In 2014-15, despite recording an operating profit, our losses touched Rs 80 billion on account of substantial depreciation. In 2015-16, we expect the losses to be less than Rs 40 billion. Growth is being injected from the data, mobile and broadband segments. We have also been able to peg our expenditure at a constant level. It is, in fact, declining year after year.

What is BSNL’s current optic fibre cable (OFC) network length? Is it being shared with private operators?

We have an OFC network spanning about 700,000 km. However, we lease bandwidth from Power Grid Corporation of India Limited, RailTel and other PSUs, especially in the north-eastern region, to enhance connectivity. Our current network is split roughly 50:50 between backhaul and access. We have significant last mile and are focusing on connecting our 3G and broadband networks through OFC. Most of the progress in recent years has been on access networks as our backhaul has already been in place. We have been upgrading technology on the backhaul side while adding length on the access side. As for network sharing, we have a standard plan. We are also sharing dark fibre with several private companies for carrying TV bandwidth.

What has been the progress on the Wi-Fi front?

BSNL does not have spectrum in the right band to launch 4G services. Thus, Wi-Fi has become our core focus in a bid to meet the 4G challenge and fill the gap. Since 2014-15, we have installed 2,800 Wi-Fi hotspots. Most of these have been launched under the opex model with the help of our three partners. Meanwhile, we are also deploying Wi-Fi hotspots through the capex model. By March 2018, we plan to leverage both these models to put up close to 40,000 hotspots countrywide.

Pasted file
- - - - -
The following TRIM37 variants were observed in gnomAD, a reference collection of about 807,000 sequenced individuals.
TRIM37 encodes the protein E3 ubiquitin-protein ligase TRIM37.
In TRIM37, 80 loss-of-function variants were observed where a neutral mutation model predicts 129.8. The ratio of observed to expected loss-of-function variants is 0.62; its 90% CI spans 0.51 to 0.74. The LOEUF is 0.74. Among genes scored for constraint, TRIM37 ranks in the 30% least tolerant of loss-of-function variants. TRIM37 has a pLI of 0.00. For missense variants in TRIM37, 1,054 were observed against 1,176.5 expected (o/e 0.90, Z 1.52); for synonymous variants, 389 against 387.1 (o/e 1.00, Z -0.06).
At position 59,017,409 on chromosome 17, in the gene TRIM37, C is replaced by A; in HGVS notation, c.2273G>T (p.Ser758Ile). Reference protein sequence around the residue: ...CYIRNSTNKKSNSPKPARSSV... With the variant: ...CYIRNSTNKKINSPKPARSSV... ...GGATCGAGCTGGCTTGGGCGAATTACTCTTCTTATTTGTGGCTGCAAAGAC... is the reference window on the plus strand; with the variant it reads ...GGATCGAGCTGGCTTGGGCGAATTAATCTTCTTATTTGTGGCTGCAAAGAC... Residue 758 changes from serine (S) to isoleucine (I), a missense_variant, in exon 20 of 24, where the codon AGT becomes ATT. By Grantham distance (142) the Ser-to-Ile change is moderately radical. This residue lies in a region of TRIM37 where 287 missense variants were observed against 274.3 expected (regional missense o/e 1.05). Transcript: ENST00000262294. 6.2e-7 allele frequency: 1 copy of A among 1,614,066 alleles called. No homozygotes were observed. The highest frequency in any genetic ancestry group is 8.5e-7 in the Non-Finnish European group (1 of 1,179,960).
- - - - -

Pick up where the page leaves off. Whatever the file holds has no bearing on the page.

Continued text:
Which are some of the tenders that BSNL is planning to float?

In our mobile segment, we are coming up with the Phase 8 tender, which will upgrade our 3G network and also cover some pockets of the 4G network. (We have some spectrum at market-obtained rates through which we can offer 4G services.) The total value of this tender will be around Rs 50 billion and is expected to be floated within the next three to four months.

We are also undertaking OFC roll-outs and core network upgradation in a big way. This is separate from the Digital India programme because we will be setting it up using our internal resources.

Tenders can also be expected for network upgradation in the broadband space.

Which are your most promising circles?

The south zone in general is a very promising circle, followed by the north zone, the west zone and the east zone.

What are BSNL’s future plans? What is your vision for the company?

We are on a revival path and will continue to move ahead on it. We are ready to face all the competition that comes our way and we hope to earn net profits by 2018-19.